A French vineyard has turned out to be located in an ancient meteor crater after researchers found countless micro diamonds under the vines formed as a result of the incredible pressure from the impact.
The rare 220-metre-wide (722 feet) and 30-metre-deep (98 feet) crater hidden among scrubby trees and a floor lined with neat Syrah grapevines, was found in the Domaine du Meteore winery near the town of Beziers, France.
It reportedly came to light after the vineyard located on it caught the attention of geologist and cosmochemist professor Frank Brenker from Goethe University Frankfurt, in Germany, during his holiday.
Earlier reports revealed that the site was first identified as a meteor crater in 1950, but the theory was thrown away by a 1964 study which claimed that the crater did not have an elevated rim.
Experts at the time also stated they could not find evidence of magnetic field anomalies that are often found at impact sites.
Brenker said in a statement obtained by Newsflash: “Craters can form in many ways, and meteorite craters are indeed very rare.
“However, I found the various other interpretations of how this depression could have formed unconvincing from a geological perspective.”
The scientist then collected rock samples for analysis along with his wife, and brought them over to his laboratory at Goethe University.
He was thrilled when he found the first signs of an impact crater.
Brenker said: “The microanalysis showed that dark-colored layers in one of the shists, which usually simply comprise a larger percentage of mica, might be shock veins produced by the grinding and fracturing of the rock, which in turn could have been caused by an impact.”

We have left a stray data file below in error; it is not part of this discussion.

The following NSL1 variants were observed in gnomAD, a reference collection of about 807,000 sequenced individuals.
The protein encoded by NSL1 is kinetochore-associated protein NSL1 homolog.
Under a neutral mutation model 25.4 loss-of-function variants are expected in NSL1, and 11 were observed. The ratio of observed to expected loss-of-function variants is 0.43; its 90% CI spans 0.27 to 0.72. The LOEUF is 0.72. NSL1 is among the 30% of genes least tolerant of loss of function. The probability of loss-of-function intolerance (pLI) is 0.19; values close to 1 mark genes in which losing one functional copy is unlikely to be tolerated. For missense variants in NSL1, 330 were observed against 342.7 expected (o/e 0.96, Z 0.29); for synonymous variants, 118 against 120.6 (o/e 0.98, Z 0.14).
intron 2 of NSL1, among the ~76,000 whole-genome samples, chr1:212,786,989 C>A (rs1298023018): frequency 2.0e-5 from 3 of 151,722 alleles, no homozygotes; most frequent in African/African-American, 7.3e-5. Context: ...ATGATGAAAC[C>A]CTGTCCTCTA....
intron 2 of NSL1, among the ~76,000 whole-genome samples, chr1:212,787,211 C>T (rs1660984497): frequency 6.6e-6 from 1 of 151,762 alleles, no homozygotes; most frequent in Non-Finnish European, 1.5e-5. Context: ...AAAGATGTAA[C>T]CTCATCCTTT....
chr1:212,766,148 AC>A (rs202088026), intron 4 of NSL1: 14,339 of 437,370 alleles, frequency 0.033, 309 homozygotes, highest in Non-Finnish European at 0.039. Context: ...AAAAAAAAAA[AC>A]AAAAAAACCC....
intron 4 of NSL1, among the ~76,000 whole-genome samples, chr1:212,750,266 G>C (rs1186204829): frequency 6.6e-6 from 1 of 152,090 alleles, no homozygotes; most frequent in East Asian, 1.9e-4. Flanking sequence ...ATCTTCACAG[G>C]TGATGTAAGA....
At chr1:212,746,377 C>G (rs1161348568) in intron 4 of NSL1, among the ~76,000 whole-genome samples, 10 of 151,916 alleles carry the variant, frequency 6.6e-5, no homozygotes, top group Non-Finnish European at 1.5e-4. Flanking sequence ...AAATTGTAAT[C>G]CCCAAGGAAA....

In addition he found evidence of breccia which is an angular rock debris held together by a kind of ‘cement’, that can also occur during a meteorite impact.
The following year, along with applied geophysics professor Andreas Junge from the Goethe University, and a group of French students, Brenker discovered that the magnetic field is slightly weaker in the crater than the surrounding area which was typical for impact craters.
The researchers then attached strong magnets to a plate and found tiny iron oxide spherules on top of up to one millimetre in diameter, which have already been found in other impact craters.
Further analysis showed that the spherules contained nickel-bearing iron and encased a core of minerals typical for crater environment.
In addition, numerous shock microdiamonds that were produced through the high pressure during the meteorite’s impact were also found at the site.
Brenker explained: “Such microspheres form either through abrasion of the meteorite in the atmosphere or only upon impact, when a large part of the iron meteorite melts and then reacts with the oxygen in the air.
“On impact, material shattered at the point of impact might then also be encased.
“This, together with the lower magnetic field and the other geological and mineralogical finds, allows us to draw hardly any other conclusion: a meteorite did indeed strike here.
“This makes the crater very exciting for geological laypeople too, as every visitor can experience here the immense energies released upon such an impact.”
Impact craters are rare on Earth because they’re typically erased by erosion and the ever-shifting movements of tectonic plates.
The Earth Impact Database lists only 190 confirmed craters worldwide, with only three of them previously located in Western Europe.
These included the Rochechouart in the region of Aquitaine, France, the Noerdlinger Ries between the Swabian Alb and the Franconian Jura, and the Steinheim Basin near the town of Heidenheim, in Baden-Wuerttemberg State, Germany.